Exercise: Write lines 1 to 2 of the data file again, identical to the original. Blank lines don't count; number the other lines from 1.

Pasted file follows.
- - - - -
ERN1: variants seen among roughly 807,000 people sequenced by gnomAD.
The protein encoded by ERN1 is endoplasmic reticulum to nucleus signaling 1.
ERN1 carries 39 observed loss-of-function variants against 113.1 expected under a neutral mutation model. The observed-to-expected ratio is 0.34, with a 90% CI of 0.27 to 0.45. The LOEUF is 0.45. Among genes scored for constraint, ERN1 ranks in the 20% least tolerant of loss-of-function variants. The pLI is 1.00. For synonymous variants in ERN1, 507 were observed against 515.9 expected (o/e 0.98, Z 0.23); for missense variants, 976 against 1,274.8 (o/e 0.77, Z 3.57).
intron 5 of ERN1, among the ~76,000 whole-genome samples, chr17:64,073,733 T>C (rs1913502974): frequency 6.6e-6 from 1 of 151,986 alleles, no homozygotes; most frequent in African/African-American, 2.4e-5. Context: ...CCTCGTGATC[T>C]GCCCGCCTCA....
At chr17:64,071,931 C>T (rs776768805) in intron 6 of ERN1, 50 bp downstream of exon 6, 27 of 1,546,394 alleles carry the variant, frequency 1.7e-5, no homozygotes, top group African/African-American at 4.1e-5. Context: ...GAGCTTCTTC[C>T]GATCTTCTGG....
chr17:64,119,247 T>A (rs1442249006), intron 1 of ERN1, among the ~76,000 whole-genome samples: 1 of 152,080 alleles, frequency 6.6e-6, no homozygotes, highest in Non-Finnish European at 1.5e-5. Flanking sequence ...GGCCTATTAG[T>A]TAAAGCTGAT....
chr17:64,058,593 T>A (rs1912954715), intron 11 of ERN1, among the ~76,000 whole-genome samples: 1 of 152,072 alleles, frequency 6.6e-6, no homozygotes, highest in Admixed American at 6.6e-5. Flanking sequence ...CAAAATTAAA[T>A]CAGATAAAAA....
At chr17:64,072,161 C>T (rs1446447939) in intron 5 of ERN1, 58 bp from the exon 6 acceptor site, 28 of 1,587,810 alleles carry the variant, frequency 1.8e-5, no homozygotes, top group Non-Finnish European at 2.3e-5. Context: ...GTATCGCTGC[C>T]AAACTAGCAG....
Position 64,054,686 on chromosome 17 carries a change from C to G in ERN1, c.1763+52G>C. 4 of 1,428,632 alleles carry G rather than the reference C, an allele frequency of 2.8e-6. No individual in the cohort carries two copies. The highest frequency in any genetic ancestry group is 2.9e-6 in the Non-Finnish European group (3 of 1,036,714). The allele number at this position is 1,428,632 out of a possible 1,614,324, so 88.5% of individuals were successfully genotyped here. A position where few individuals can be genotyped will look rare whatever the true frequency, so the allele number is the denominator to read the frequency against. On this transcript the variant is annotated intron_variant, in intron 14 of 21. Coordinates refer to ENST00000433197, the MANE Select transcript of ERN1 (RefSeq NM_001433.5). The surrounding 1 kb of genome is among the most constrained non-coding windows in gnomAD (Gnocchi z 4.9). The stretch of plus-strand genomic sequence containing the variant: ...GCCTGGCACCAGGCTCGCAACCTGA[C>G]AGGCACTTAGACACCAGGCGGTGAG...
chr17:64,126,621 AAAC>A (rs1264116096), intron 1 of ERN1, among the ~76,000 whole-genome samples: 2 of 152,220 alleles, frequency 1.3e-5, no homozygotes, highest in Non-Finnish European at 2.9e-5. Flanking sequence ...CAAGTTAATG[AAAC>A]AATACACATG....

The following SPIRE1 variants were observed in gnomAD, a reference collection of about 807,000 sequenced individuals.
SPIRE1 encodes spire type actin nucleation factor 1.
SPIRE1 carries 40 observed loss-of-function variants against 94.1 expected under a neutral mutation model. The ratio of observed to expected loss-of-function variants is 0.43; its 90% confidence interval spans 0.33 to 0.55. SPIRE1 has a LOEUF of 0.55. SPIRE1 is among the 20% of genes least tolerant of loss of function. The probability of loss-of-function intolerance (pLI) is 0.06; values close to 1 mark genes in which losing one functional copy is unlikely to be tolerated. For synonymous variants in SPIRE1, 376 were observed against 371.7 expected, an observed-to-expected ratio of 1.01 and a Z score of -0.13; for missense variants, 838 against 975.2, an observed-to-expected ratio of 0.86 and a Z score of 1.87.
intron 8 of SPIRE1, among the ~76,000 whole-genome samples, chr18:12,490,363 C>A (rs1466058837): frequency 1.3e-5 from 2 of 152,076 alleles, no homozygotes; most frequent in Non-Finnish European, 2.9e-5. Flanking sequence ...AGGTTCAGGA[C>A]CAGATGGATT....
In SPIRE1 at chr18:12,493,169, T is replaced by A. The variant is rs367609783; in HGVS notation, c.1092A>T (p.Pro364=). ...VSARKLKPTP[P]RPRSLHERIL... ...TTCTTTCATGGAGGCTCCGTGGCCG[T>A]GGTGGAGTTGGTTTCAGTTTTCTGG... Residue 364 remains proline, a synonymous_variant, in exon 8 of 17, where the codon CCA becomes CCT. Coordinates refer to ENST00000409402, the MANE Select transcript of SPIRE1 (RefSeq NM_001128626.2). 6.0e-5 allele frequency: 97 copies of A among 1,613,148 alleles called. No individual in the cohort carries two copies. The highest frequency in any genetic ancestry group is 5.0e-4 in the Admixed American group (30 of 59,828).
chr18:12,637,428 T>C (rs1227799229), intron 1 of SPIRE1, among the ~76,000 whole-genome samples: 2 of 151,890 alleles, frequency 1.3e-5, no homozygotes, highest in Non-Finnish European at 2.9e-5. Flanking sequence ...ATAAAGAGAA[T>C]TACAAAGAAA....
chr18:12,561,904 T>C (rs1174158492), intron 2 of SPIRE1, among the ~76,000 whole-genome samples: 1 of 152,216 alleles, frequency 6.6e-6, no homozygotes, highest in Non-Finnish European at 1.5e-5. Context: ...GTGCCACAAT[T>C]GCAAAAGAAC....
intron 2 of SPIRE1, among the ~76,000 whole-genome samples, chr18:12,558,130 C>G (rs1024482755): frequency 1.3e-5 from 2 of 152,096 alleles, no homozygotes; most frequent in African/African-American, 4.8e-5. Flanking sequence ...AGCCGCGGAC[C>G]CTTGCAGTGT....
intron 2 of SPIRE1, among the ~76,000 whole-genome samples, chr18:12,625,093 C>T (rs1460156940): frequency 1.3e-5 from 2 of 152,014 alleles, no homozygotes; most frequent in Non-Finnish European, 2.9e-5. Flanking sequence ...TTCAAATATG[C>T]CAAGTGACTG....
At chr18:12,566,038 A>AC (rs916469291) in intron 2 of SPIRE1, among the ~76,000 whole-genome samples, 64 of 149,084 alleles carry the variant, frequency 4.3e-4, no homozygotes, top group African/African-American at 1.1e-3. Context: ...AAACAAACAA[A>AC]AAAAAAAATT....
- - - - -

ERN1: variants seen among roughly 807,000 people sequenced by gnomAD.
The protein encoded by ERN1 is endoplasmic reticulum to nucleus signaling 1.